Russia Agriculture Minister Nikolai Fyodorov said on Thursday that Serbia was ready to increase cheese exports to Russia in the next two weeks. “We will be ready to allow delivery of dairy products from Serbia if the country’s veterinary service is ready to provide guarantees,” the Russian agriculture minister said after meeting his Serbian counterpart Snezana Bogosavljevic-Boskovic.
Theoretically, new Serbian suppliers can start delivering dairy products to Russia in the next two or three weeks. “We are talking about huge milk-processing plants that intend to deliver their products, primarily cheese, to the Russian market,” Fyodorov said.
For the moment, 41 Serbian enterprises have the right to supply food to Russia but Serbia could increase their number if it is ready to take responsibility for these enterprises.
The Russian agriculture minister said that Russia was ready to grant accelerated access to the Russian market for 10-30 new Serbian suppliers.
“But Serbia needs to submit an application and be ready to be responsible for the activities of these enterprises,” Fyodorov stressed.
Fyodorov assumes that Russia and Serbia could double trade in agricultural produce from $270 to $500 million a year in a short period of time. He said that Russia-imposed food sanctions against the European Union were opening a unique chance for Serbian producers to enter the Russian market.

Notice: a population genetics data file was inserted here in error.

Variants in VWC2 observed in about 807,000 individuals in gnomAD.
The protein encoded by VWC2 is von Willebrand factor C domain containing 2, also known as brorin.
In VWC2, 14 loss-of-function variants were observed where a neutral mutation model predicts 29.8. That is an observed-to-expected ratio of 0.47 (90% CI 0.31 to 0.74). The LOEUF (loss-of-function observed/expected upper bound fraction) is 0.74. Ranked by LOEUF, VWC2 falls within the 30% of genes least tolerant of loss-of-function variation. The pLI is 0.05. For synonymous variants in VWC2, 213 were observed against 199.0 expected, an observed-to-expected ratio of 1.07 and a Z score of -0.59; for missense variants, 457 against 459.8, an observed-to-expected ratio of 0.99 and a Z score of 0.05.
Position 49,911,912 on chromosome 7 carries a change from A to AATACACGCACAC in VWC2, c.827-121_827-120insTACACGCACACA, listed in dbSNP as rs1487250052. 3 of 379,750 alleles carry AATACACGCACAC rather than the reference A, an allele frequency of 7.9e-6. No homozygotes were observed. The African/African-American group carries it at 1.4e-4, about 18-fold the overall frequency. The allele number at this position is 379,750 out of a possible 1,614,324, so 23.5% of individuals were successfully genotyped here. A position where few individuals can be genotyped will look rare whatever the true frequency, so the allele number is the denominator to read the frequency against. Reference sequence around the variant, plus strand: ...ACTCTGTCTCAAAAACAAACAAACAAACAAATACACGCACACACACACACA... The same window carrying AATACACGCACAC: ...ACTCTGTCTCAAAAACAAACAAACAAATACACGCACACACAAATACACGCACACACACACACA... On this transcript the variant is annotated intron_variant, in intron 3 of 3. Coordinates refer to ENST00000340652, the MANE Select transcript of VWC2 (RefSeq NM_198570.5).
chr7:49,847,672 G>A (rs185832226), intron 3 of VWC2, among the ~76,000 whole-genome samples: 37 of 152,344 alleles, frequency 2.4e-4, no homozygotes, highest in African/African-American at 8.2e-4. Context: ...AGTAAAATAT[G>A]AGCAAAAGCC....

Russia, according to Fyodorov, is also interested in expanding imports of Serbian meat, fruit and vegetables.
Serbian Agriculture Minister Snezana Bogosavljevic-Boskovic said, in turn, her country wanted to participate in joint agricultural investment projects together with Russian businessmen. She said that the Danube could also be considered as a route for delivering Serbian products to Russia. Besides, the Serbian agriculture minister provided strong guarantees that Serbia would not allow the re-export of Russia-banned European food products through its territory.
“Our side is assuming great responsibility. We promise to do everything possible to control the export procedures,” the Serbian minister stressed, adding that Serbian agrarians were looking forward to building up agricultural exports to Russia.
On August 7, Russia banned imports of beef, pork, poultry, fish, cheese, dairy products, fruit and vegetables from Australia, Canada, Norway, the US and the EU for one year as an answer to the Western sanctions.
Since then Russia has been in talks with Latin and South American countries, the Middle East and Asia to replace the banned imports. Many countries said they were ready to boost exports to Russia and Pakistan could be one of them.
Pakistan’s new Ambassador to Russia Zaheer Aslam Janjua told Sergei Dankvert, the head of the Federal Service for Veterinary and Phytosanitary Control (Rosselkhoznadzor), at a meeting on Thursday that Pakistan was ready to replace banned Australian lamb imports in the Russian market.
Mr. Janjua stressed that Pakistan could exceed the amounts of lamb meat which Australia used to export to Russia. “Large beef supplies are also possible,” he said.
According to the Russian Customs Service, Australia exported $26.7 million worth of lamb meat to Russia in 2013. It was the second biggest lamb meat supplier to the Russian market after New Zealand ($23 million). The overall lamb exports to Russia are valued at $57 million.
Pakistan is also ready to start exporting dairy products and fish and increase the supplies of potato and citrus fruits.
The sides agreed to exchange technical data needed to start the supply of a new group of products.
Pakistan supplied $75 million worth of agricultural products to Russia in the first six months of 2014. By comparison, Pakistani agricultural exports to Russia were valued at $104 million in 2013.